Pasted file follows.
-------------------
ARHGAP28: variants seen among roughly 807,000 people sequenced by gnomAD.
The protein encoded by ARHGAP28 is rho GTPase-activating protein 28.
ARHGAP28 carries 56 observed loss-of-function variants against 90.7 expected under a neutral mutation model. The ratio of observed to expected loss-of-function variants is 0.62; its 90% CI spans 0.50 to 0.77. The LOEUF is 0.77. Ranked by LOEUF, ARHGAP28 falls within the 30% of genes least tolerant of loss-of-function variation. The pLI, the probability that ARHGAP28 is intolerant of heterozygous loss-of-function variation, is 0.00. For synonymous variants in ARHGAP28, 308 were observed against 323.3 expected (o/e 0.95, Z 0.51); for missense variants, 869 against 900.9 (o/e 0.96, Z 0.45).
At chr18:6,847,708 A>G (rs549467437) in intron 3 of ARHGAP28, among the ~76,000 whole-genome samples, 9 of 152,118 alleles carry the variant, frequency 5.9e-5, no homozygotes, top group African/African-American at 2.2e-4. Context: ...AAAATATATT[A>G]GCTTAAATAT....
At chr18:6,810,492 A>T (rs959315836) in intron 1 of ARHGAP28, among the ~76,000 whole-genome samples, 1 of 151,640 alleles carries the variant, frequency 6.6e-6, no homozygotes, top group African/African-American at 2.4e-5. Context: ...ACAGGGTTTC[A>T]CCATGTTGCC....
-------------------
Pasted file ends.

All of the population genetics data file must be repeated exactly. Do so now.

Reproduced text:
ARHGAP28: variants seen among roughly 807,000 people sequenced by gnomAD.
The protein encoded by ARHGAP28 is rho GTPase-activating protein 28.
ARHGAP28 carries 56 observed loss-of-function variants against 90.7 expected under a neutral mutation model. The ratio of observed to expected loss-of-function variants is 0.62; its 90% CI spans 0.50 to 0.77. The LOEUF is 0.77. Ranked by LOEUF, ARHGAP28 falls within the 30% of genes least tolerant of loss-of-function variation. The pLI, the probability that ARHGAP28 is intolerant of heterozygous loss-of-function variation, is 0.00. For synonymous variants in ARHGAP28, 308 were observed against 323.3 expected (o/e 0.95, Z 0.51); for missense variants, 869 against 900.9 (o/e 0.96, Z 0.45).
At chr18:6,847,708 A>G (rs549467437) in intron 3 of ARHGAP28, among the ~76,000 whole-genome samples, 9 of 152,118 alleles carry the variant, frequency 5.9e-5, no homozygotes, top group African/African-American at 2.2e-4. Context: ...AAAATATATT[A>G]GCTTAAATAT....
At chr18:6,810,492 A>T (rs959315836) in intron 1 of ARHGAP28, among the ~76,000 whole-genome samples, 1 of 151,640 alleles carries the variant, frequency 6.6e-6, no homozygotes, top group African/African-American at 2.4e-5. Context: ...ACAGGGTTTC[A>T]CCATGTTGCC....